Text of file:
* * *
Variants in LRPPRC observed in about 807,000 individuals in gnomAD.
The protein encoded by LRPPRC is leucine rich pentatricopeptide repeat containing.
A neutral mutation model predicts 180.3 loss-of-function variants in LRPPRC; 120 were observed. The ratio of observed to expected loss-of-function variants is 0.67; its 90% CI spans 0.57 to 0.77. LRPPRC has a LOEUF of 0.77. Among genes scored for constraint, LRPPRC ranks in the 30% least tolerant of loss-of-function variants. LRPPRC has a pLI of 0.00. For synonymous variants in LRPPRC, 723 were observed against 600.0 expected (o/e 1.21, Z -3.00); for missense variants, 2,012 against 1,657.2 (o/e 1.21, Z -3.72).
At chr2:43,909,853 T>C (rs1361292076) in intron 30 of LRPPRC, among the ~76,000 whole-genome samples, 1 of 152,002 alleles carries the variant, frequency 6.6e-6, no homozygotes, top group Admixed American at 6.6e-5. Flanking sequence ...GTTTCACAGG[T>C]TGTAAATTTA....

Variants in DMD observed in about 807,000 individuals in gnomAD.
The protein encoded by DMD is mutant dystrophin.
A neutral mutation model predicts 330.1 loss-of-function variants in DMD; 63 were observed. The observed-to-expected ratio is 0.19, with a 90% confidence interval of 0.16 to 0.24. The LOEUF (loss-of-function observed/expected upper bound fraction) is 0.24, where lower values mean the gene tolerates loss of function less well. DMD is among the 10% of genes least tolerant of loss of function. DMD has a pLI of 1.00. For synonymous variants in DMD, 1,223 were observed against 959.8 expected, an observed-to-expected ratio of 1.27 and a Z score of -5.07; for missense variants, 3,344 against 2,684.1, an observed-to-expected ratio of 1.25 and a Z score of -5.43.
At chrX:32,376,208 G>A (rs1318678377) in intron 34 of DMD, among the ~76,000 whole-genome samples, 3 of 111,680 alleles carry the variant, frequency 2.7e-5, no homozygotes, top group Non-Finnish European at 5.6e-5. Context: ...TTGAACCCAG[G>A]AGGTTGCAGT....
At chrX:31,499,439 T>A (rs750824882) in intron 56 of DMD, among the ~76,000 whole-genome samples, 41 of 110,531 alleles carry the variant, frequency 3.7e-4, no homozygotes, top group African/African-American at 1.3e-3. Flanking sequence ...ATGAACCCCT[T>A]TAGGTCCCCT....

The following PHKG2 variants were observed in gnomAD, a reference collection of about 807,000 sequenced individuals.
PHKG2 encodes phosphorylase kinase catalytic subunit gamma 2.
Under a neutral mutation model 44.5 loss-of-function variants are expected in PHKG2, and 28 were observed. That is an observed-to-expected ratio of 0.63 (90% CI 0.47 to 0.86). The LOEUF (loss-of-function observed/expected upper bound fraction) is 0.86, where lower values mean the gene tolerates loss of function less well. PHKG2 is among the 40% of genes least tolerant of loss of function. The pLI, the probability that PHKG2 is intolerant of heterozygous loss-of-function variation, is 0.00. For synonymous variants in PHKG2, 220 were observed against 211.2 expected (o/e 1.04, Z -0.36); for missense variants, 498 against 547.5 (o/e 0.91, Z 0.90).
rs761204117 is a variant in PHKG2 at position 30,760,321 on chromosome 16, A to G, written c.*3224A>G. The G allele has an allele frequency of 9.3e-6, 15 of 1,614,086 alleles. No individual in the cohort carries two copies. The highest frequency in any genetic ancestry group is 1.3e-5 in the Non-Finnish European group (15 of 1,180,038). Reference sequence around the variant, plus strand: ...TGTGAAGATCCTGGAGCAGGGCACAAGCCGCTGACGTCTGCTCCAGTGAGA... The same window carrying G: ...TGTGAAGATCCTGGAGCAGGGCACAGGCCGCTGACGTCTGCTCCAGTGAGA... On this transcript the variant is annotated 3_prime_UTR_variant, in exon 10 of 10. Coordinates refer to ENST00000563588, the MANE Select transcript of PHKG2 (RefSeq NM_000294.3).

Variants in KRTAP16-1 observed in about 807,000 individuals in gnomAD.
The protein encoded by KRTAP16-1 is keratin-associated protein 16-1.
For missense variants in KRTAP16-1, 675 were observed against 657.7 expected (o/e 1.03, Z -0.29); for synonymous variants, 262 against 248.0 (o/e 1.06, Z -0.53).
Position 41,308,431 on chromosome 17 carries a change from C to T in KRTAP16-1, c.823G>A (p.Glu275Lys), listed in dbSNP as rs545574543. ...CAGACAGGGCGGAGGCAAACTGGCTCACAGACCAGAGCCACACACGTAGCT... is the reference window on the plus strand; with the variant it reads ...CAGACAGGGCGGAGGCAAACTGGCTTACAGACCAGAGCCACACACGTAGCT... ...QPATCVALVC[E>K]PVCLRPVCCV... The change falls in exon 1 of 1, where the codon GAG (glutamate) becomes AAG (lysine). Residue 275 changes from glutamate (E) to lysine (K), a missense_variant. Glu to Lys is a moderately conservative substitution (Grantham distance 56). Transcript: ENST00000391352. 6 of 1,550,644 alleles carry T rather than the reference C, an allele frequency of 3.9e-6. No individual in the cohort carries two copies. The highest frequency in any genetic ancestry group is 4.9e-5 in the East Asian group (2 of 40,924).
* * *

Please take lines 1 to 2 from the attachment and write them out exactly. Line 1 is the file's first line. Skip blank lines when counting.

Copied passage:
Variants in LRPPRC observed in about 807,000 individuals in gnomAD.
The protein encoded by LRPPRC is leucine rich pentatricopeptide repeat containing.